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Responsibly Implementing AI: Seizing Opportunities and Safeguarding Risks

By: Krista McSwain, Pallas Foundation Fellow

12 December 2023

Pallas Foundation recently moderated a discussion on the national security implications of responsibly implementing artificial intelligence. The key question up for debate was how to safeguard the risks of AI while simultaneously taking progressive, innovative steps forward to ensure our national security and arm our warfighters. The event was attended by diverse participants, including U.S. government experts and partners in academia, industry, and young professionals. The discussion focused on the critical steps and best practices required for the U.S. to take advantage of the vast potential of AI technology while mitigating its risks. One of the topics discussed was optimizing AI acquisition and disseminating information to the intended audience, emphasizing how technology can facilitate these processes.

Although AI’s risks were acknowledged, participants agreed on prioritizing and speeding up the  U.S. acquisition and broad adoption of AI to protect and promote national security. Despite the challenges the Defense Department faces in acquiring, implementing, and innovating new technologies, the potential of AI to revolutionize the future of defense cannot be ignored. As a Pallas Foundation Fellow, I learned about the importance of ensuring the security of the Defense Department as the tech sector continues to advance generative AI and Large Language Models. My key takeaways from the conversation include:

  1. Use AI to streamline current intelligence processes: While information is received fairly fast, processing it into actionable intelligence is significantly slower. AI has the opportunity to play a significant role in collecting information and hastening the exploitation and dissemination processes in the intelligence cycle. The Defense Department continues to make slow progress in leveraging the latest technology in a responsible manner to more efficiently apply AI to the intelligence and defense ecosystem. 

  2. Apply “lessons learned” from current events to prepare for the future: Many global events have become catalysts for the private and public sectors to accelerate AI adoption and apply it in crisis or conflict settings. As an example, the war in Ukraine has significantly boosted military application of disruptive technology and helped strategists understand how technology is changing the nature of conflict. Expanding the Defense Department’s development and application of AI will be informed by lessons learned from the live battle lab in Ukraine.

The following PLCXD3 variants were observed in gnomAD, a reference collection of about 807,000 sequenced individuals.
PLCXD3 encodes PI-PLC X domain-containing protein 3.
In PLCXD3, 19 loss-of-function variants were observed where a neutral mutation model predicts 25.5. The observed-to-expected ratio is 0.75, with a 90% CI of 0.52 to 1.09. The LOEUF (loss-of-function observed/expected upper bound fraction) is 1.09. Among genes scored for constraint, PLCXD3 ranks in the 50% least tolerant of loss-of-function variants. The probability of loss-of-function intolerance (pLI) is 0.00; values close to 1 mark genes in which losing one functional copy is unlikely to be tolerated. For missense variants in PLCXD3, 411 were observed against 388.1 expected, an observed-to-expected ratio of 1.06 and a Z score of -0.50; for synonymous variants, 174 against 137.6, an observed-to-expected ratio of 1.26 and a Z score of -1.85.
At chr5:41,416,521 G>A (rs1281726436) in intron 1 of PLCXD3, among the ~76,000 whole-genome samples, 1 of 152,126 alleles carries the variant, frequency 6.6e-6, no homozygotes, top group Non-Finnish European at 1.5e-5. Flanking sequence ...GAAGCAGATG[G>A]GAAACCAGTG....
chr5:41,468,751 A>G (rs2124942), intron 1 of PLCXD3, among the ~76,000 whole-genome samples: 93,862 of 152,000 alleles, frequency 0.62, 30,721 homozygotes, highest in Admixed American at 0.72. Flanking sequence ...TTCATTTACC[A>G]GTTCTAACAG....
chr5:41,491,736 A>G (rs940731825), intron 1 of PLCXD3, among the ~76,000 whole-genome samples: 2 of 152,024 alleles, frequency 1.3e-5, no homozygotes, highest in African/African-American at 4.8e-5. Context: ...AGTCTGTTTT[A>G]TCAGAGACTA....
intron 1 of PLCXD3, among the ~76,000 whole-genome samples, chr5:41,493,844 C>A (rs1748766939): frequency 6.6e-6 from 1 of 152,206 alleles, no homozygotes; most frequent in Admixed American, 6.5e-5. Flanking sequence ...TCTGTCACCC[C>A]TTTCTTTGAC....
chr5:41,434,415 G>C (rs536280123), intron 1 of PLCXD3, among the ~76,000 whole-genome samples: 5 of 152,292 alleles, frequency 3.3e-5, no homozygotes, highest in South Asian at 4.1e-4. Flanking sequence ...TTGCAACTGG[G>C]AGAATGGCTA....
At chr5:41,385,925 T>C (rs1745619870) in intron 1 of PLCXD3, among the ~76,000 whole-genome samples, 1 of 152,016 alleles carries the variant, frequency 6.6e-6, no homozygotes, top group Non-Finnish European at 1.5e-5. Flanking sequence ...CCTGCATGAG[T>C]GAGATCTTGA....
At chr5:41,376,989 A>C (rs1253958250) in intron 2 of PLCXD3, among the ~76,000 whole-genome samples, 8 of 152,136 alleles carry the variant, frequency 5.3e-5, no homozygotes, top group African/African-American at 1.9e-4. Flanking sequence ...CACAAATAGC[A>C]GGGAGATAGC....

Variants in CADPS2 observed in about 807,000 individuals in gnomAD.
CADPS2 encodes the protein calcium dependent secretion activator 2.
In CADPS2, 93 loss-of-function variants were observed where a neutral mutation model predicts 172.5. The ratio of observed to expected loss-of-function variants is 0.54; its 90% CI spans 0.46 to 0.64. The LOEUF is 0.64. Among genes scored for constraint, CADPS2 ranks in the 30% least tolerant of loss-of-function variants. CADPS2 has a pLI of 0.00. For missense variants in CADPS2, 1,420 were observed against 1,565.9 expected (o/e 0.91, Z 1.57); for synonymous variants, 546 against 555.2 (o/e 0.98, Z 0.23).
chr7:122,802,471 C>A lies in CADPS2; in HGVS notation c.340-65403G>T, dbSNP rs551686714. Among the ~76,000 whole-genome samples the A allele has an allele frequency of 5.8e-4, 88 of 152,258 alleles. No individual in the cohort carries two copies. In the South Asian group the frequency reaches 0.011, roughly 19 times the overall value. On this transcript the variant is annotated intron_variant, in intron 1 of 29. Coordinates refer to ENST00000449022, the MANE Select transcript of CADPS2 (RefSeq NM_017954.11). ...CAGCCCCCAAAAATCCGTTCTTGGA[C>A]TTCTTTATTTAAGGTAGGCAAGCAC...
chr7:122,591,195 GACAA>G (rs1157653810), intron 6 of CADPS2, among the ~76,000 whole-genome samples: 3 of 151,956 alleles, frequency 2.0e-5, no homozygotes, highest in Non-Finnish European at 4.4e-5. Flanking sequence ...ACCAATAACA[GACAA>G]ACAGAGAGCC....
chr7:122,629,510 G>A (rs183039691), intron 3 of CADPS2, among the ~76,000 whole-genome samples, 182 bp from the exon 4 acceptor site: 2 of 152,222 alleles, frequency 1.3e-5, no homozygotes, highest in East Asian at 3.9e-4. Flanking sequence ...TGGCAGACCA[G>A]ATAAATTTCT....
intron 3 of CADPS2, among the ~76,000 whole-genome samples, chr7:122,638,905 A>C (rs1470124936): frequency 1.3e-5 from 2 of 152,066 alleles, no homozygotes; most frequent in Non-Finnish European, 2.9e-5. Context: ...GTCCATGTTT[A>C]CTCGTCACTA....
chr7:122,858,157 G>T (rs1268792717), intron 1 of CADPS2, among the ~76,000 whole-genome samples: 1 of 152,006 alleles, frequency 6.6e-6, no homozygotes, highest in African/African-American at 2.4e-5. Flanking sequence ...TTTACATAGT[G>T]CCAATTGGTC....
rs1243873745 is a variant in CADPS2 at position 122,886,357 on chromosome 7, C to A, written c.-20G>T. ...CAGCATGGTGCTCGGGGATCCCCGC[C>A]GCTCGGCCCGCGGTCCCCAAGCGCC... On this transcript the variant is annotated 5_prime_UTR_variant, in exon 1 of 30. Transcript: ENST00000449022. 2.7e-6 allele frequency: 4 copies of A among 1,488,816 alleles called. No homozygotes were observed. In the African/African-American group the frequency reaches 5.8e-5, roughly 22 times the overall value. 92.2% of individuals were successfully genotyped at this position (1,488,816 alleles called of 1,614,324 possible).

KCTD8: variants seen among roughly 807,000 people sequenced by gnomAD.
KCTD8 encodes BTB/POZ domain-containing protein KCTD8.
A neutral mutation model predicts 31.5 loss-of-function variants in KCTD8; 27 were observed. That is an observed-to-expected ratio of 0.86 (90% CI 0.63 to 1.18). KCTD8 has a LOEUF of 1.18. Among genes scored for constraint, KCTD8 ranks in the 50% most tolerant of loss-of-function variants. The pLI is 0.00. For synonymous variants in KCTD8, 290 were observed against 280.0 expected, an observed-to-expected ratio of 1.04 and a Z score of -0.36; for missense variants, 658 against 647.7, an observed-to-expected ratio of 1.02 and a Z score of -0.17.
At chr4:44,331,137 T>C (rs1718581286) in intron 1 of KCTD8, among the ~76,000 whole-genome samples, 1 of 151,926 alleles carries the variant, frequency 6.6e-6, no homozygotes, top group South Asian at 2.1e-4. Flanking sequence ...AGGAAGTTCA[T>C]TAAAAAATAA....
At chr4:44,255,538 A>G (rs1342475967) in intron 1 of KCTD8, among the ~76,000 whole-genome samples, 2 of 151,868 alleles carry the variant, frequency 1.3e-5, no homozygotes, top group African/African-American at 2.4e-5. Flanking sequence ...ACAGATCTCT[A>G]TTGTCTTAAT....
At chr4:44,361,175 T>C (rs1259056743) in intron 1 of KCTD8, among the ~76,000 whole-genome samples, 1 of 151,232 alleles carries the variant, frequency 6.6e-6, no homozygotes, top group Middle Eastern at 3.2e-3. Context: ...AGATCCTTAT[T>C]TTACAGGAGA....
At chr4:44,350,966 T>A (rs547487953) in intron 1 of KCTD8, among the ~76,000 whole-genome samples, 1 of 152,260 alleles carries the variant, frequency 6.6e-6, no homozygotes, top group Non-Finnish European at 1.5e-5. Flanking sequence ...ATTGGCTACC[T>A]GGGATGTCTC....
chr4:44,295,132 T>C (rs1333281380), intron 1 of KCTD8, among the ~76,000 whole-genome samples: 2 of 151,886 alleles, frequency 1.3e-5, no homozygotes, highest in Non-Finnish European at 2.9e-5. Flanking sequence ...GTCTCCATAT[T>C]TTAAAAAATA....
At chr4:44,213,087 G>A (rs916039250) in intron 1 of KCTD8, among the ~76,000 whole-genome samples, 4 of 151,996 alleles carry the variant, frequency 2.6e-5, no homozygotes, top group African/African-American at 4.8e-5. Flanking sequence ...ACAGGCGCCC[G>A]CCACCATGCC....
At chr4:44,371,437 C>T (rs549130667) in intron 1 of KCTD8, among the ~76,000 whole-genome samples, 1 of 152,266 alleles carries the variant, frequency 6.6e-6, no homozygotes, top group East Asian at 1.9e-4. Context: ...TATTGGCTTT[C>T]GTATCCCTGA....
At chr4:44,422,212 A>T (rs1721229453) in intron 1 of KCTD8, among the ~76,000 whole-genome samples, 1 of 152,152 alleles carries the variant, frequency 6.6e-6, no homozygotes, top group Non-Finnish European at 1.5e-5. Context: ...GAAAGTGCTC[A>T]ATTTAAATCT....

3. Bring together public and private sector leadership for efficient acquisition of AI: The public sector must be aligned with industry to acquire new technologies successfully. One way to bring these sectors closer is through education campaigns from both sides – the explosion of AI in today’s world requires a stronger understanding of how everyone is trying to advance this technology.  Facilitating discussions between industry experts and government leaders so they can better understand one another's impact is vital.

Technology today is advancing at unprecedented speed, and the U.S. has legitimate concerns about falling behind our adversaries. Even so, I left this discussion feeling confident that the U.S. will continue to be a leader in AI advancements and other emerging tech developments. The consensus of the event was clear – it is important for national security leaders to come together to balance the deployment of cutting-edge, advanced AI models, while ensuring risk is appropriately mitigated. 

N.B. The event described was held under Chatham House rules; the above summary reflects the views of the author alone and does not imply endorsement by any other attendee.

Krista McSwain was a Pallas Foundation Fellow in Fall 2023 and a first year graduate student at Johns Hopkins SAIS where she is earning her master’s in International Relations with a functional focus on security and statecraft and a regional focus on China. She earned her undergraduate degree from the University of Memphis, where she majored in International Affairs and Chinese. Krista previously worked in Congressman Cohen's office and with the Association of Professional Schools of International Affairs.


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